Now that the biggest summer fireworks show in Japan has come and gone, I thought it would be a good time to itemize the other major fireworks festivals that are about to take place. There are several scheduled in and around Tokyo, as a matter of fact, with events ranging in scale from less than 2,000 shells all the way up to over 10,000 shells being utilized! The Japanese fireworks (hanabi) are highly regarded as the most beautiful in the world with colorful vibrant colors, a wide variety of shapes and techniques accented by a dynamic but delicate sense of art.
As I mentioned, the Sumida River Fireworks Festival took place this past Saturday, July 26th at 7:00 PM over the Sumida River near Asakusa. Typically this festival is held on the last Saturday in July and is a revival of celebrations held during the Edo period. This is not a mere fireworks display but a fierce competition between rival pyrotechnics groups which produces some of the most amazing displays that can be seen over the skies of Tokyo. This year, it was said that 20,000 shells were used during the event. The event is so popular, it draws close to a million people annually. (Information: http://gotokyo.org/en/kanko/taito/event/sumidahanabi.html)
If you missed the Sumida River show, you can still catch another nice fireworks display on August 2nd. Edogawa Fireworks Festival is the oldest fireworks festival in Tokyo, marking its 39th year this year! Taking place on the banks of the Edo River, the event utilizes some 14,000 shells during a show which is divided into eight sections, each section based on a different theme. The venue is just a 25 minute walk from the JR Koiwa Station and a 15 minute walk from Shinozaki Station on the Toei Shinjuku Line. (Information: (Japanese only)http://www.city.edogawa.tokyo.jp/hanabi/index.html)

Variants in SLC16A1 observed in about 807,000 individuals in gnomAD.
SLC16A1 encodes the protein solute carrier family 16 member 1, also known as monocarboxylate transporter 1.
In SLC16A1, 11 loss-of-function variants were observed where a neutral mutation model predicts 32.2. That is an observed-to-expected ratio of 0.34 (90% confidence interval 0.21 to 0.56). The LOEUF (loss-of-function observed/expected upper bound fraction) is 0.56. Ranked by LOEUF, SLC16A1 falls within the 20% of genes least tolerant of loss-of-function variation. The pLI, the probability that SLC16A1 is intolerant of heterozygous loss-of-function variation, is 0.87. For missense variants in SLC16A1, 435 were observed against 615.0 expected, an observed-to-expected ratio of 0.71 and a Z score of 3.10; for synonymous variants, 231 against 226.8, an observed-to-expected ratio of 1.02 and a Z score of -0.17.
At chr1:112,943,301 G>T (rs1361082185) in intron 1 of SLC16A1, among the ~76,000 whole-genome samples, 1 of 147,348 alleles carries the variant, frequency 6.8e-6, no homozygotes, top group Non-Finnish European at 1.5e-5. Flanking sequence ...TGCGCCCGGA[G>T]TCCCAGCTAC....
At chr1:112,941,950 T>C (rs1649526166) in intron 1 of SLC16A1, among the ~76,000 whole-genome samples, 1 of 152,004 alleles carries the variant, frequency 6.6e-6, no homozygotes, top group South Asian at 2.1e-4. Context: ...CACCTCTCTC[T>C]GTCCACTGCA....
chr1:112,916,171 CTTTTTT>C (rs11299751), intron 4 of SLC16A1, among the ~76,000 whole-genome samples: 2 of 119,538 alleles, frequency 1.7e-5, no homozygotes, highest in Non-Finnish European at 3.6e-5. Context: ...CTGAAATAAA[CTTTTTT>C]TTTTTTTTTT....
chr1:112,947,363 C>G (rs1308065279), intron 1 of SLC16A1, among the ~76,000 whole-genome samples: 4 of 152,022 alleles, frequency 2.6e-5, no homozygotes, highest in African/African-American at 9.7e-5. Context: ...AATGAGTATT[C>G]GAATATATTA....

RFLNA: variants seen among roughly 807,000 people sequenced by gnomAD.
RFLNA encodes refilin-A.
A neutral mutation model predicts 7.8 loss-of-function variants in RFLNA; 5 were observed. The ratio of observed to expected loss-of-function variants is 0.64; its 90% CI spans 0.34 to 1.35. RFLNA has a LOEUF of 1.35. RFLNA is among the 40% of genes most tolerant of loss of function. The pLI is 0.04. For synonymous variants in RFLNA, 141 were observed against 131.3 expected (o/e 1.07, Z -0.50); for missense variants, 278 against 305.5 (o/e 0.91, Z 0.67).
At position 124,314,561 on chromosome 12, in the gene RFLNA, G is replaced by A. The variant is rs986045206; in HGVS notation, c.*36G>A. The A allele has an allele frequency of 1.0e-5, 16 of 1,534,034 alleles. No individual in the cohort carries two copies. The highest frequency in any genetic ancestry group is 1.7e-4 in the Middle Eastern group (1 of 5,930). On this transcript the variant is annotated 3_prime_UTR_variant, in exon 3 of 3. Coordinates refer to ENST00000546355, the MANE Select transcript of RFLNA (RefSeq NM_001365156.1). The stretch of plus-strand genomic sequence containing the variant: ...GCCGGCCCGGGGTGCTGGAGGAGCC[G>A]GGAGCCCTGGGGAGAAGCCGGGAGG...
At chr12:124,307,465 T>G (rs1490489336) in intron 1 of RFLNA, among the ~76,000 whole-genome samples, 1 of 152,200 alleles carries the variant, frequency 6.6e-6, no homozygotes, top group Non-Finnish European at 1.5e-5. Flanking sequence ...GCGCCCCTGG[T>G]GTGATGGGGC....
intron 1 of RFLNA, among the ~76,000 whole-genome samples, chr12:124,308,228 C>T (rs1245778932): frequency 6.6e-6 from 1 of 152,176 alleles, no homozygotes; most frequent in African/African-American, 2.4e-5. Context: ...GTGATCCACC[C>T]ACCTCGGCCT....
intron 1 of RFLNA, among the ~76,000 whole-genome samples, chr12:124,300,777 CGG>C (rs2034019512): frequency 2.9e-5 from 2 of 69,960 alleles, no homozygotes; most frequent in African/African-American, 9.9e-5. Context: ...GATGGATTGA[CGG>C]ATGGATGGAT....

Also on August 2nd, you can watch 11,000 fireworks launched from the banks of the Arakawa River in the Itabashi ward, one of 23 special wards in Tokyo. The Arakawa River forms part of the boundary with Saitama Prefecture. The Itabashi Fireworks Festival lasts and hour and 40 minutes and reserved seating is available, if you so choose. You can reach the venue via the Toei Mita Line, just exit at the Nishidai station. (Information: (Japanese only) http://itabashihanabi.jp/)
If you happen to be in Yokohama, the capital of Kanagawa, on August 5th, make sure not to miss the Kanagawa Shimbun Fireworks Festival. Here 15,000 fireworks will be launched from boats in front of Rinko Park. Sponsored by the Kanagawa newspaper (Kangawa Shimbun) this is Yokohama’s signature summer event! This year will be the 29th year for this event which will be highlighted by fireworks synchronized with music and laser beams. (Information: http://www.yokohamajapan.com/things-to-do/events/29th-kanagawa-shimbun-fireworks-festival-2014/)
Last but not least on August 10th, the Tokyo Bay Grand Fireworks Competition will take place. This event will be utilizing 12,000 shells which will light up the sky of Tokyo Bay including the Rainbow Bridge and Tokyo Tower. Two leading pyrotechnics companies, Marutamaya and Hosoya, compete to show off the most spectacular display of fireworks. The Tokyo Bay Grand Fireworks Festival has become one of the biggest and well known fireworks festivals in Tokyo along with Sumida River Fireworks Festival, drawing over 650,000 visitors each year. The main viewing area is the Harumi wharf, but it is limited to only those who have tickets. Visitors to Odaiba’s Decks Tokyo Beach can also view the fireworks display. The hanabi show is scheduled to start at 6:50 PM, concluding at 8:10 PM. (Information: http://www.gotokyo.org/en/tourists/attractions/fourseasons/hanabitaikai.html)
Of course, this is not a complete list but it will give you an idea of what is available during the month of August. Summer in Japan is not complete until you have had an opportunity to view the fireworks, so plan on it!